The Breeders’ Cup at Keeneland was a winner. Quite a few people thought it would be difficult for Keeneland to be a successful host. I don’t know why, after all, everything Keeneland has ever done is successful and classy. The annual show came deep into the heart of the Thoroughbred world and didn’t disappoint. I am anxious for Keeneland to host the event again.
Now, to the racing. There is no need to waste much time talking about American Pharoah. He ran a big race in the Classic and was sent to the retirement villa in good health with a splendid reputation. I understand he may even get as many as 100 girlfriends his first year as a retiree. Ah, it is good to be king!
Beyond American Pharoah we saw some horses prove that they were better than we probably imagined such as the splendid three year old filly Found, when she defeated Arc winner Golden Horn in the Turf, and Tepin, who delivered a terrific performance in the Mile.
But looking back there were two winners that really caught my eye. Unfortunately, one has gone to stud, but the other could give us many thrills in the next few years.
Liam’s Map had every reason to lose. He endured a nightmare trip but overcame it to earn his victory in the Breeders’ Cup Mile. Had the son of Unbridled’s Song exited the gate in normal fashion he would have completely buried the field. Instead he was away slowly and looked as if he wasn’t ready. He was quickly steadied and was left far from his customary role of escorting the field around the track on the lead. Liam’s Map was screaming to be let out of jail for three quarters of the race. Patience by rider Javier Castellano and pure class by Liam’s Map avoided disaster and, when the opportunity arose, the two pounced and proceeded to victory. He exhibited the class I like to see; the class to overcome adversity and eventually win, even though he could not have things his own way.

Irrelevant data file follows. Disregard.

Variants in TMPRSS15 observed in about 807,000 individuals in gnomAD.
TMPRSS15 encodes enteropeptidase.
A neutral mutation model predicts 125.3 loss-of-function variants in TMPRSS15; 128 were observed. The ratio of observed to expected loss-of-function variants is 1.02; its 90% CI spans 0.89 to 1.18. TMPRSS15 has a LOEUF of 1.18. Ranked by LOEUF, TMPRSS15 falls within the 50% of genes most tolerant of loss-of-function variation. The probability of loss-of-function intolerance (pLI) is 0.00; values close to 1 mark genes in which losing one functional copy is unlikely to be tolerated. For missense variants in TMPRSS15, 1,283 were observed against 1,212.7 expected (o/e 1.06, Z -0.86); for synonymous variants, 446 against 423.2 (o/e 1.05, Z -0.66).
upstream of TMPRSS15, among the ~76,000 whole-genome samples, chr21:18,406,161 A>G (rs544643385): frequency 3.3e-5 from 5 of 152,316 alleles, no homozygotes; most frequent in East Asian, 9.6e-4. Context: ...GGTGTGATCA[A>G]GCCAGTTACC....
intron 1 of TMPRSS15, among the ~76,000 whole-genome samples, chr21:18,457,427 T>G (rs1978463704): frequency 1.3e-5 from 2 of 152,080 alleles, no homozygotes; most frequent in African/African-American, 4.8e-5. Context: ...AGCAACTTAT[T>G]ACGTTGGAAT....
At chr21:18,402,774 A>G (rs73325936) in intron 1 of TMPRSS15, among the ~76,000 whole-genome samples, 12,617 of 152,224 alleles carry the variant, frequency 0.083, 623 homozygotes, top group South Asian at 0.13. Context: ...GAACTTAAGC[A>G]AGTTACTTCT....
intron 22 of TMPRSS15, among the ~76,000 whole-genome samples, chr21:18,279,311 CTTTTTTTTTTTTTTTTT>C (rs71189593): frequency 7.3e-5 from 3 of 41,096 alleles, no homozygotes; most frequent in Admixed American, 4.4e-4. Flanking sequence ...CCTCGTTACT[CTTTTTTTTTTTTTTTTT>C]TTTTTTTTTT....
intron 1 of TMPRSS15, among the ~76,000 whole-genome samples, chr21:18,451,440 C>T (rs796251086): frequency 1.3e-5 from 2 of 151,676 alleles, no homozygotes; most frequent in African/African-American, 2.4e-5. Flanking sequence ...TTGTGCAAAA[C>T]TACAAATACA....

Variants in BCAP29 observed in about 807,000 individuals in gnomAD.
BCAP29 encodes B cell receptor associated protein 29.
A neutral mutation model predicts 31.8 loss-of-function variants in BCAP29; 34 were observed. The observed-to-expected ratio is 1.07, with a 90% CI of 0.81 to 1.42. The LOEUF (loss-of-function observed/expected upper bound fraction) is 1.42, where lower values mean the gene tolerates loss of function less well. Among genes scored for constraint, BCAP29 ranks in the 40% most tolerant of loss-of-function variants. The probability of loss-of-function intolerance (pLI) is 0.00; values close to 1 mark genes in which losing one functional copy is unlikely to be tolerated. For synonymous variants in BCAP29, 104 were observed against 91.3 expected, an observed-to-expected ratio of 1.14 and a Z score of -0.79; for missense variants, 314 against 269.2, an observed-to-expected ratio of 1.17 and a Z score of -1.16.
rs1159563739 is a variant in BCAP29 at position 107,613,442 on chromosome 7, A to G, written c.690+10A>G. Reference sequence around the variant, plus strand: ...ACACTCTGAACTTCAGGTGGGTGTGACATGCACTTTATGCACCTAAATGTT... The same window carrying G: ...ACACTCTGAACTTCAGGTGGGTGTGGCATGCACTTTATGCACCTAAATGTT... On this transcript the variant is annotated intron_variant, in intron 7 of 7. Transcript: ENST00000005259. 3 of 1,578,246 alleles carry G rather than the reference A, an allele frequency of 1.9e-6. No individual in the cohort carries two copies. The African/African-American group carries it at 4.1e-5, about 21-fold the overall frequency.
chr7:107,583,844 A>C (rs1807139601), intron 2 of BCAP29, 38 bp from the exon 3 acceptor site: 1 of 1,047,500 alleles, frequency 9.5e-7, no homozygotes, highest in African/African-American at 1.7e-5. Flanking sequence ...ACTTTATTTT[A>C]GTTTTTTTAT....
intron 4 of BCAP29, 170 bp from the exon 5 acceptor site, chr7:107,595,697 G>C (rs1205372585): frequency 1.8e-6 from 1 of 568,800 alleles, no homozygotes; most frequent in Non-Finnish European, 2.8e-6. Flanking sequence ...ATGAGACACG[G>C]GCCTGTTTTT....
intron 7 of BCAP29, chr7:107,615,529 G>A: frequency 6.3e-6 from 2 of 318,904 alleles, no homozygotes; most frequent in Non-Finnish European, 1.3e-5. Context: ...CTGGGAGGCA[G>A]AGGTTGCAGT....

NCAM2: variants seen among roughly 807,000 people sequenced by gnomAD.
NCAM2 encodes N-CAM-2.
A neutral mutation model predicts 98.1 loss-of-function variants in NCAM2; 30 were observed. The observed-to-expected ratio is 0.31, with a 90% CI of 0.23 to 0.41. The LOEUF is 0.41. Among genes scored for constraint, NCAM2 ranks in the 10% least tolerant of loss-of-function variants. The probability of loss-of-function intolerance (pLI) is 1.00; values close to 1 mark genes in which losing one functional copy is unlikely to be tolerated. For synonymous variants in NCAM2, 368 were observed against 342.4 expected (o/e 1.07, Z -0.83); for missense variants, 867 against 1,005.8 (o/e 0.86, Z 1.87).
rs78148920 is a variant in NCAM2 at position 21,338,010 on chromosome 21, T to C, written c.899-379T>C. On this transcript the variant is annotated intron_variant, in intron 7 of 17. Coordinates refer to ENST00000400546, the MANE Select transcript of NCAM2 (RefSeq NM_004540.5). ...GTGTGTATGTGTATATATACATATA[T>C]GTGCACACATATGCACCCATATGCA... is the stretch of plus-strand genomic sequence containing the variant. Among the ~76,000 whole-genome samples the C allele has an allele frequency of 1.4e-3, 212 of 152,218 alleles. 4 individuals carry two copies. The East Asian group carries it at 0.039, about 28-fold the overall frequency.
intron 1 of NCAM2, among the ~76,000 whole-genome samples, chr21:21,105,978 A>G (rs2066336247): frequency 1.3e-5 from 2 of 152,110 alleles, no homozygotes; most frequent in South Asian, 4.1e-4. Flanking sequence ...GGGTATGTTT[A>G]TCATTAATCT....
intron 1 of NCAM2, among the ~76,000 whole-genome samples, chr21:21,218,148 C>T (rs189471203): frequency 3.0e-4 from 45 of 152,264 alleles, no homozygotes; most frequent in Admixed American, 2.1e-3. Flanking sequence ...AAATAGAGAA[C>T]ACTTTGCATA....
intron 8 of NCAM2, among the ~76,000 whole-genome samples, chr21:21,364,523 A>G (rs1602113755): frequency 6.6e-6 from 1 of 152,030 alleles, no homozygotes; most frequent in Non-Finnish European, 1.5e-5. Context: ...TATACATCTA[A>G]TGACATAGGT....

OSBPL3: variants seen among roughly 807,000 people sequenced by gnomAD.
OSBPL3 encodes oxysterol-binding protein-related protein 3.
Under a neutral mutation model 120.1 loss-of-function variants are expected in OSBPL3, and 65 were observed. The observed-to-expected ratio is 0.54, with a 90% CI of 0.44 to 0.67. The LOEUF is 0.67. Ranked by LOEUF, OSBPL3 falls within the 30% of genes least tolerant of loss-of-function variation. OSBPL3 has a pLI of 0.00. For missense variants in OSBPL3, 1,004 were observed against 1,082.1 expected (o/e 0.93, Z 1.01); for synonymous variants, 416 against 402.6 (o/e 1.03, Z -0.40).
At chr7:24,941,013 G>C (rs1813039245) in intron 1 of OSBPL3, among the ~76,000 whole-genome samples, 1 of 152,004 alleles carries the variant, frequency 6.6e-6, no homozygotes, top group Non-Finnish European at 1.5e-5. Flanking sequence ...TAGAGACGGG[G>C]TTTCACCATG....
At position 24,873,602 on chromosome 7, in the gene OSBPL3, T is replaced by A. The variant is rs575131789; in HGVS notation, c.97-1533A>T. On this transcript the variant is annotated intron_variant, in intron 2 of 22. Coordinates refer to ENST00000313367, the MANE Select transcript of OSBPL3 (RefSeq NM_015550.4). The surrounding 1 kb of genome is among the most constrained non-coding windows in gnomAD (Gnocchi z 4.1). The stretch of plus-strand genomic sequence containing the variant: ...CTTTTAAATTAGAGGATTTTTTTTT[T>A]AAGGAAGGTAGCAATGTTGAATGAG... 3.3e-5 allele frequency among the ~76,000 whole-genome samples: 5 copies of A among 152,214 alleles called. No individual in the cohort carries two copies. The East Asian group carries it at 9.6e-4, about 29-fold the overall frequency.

The other that really got my attention is the young filly Songbird. Breaking from the far post she dashed out to get the lead as if it was a minor procedure. She then went into cruise control. Songbird appears to be an obedient professional worker. She looked easy to manage and appeared to be following Mike Smith’s instructions, what little he needed to give her.
Rachel’s Valentina was in second and commenced an all-out drive when the field reached the midway point of the far turn. She tried her best to reach a leader that was happily jogging along and well clear. In the stretch Smith gave Songbird her head, scrubbed her neck and the champ dutifully turned on the afterburners. When she was done a classy and very good Rachel’s Valentina was almost six lengths back in second. The timer for the mile 1/16 stopped at 1:42.73. Impressive. She made it look like a mild workout.
A few hours later the juvenile boys ran the same distance and the winner could do no better than 1:43.79. That tells me she would have beat the boys by five or six lengths without a tough battle.
It was two great days with great racing. Deserving champions showed us their best. Some are off to the breeding shed and others leave us with plenty to look forward to. For loyal horseplayers and racing fans it was a day that couldn’t be beat- no matter how much money was lost!